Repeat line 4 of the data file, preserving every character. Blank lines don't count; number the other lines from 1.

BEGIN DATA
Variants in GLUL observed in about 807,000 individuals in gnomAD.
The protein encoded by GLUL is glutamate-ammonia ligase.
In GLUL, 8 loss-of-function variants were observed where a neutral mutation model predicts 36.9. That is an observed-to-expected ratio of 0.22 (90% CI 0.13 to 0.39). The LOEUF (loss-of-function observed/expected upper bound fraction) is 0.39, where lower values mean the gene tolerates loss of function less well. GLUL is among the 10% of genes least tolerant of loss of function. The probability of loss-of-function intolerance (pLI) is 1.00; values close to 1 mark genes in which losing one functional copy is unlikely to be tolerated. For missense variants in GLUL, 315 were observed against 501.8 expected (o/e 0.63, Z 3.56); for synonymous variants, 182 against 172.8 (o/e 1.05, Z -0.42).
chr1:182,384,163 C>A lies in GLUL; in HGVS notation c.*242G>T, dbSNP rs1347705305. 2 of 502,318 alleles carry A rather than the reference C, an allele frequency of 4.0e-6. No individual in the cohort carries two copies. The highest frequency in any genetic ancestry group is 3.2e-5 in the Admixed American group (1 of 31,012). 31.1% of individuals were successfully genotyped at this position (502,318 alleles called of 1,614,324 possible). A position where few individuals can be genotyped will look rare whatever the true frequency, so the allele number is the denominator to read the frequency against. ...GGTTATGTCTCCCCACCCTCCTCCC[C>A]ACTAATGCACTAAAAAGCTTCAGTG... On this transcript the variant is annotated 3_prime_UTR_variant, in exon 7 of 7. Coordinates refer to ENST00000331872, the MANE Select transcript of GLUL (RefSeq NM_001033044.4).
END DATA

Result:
chr1:182,384,163 C>A lies in GLUL; in HGVS notation c.*242G>T, dbSNP rs1347705305. 2 of 502,318 alleles carry A rather than the reference C, an allele frequency of 4.0e-6. No individual in the cohort carries two copies. The highest frequency in any genetic ancestry group is 3.2e-5 in the Admixed American group (1 of 31,012). 31.1% of individuals were successfully genotyped at this position (502,318 alleles called of 1,614,324 possible). A position where few individuals can be genotyped will look rare whatever the true frequency, so the allele number is the denominator to read the frequency against. ...GGTTATGTCTCCCCACCCTCCTCCC[C>A]ACTAATGCACTAAAAAGCTTCAGTG... On this transcript the variant is annotated 3_prime_UTR_variant, in exon 7 of 7. Coordinates refer to ENST00000331872, the MANE Select transcript of GLUL (RefSeq NM_001033044.4).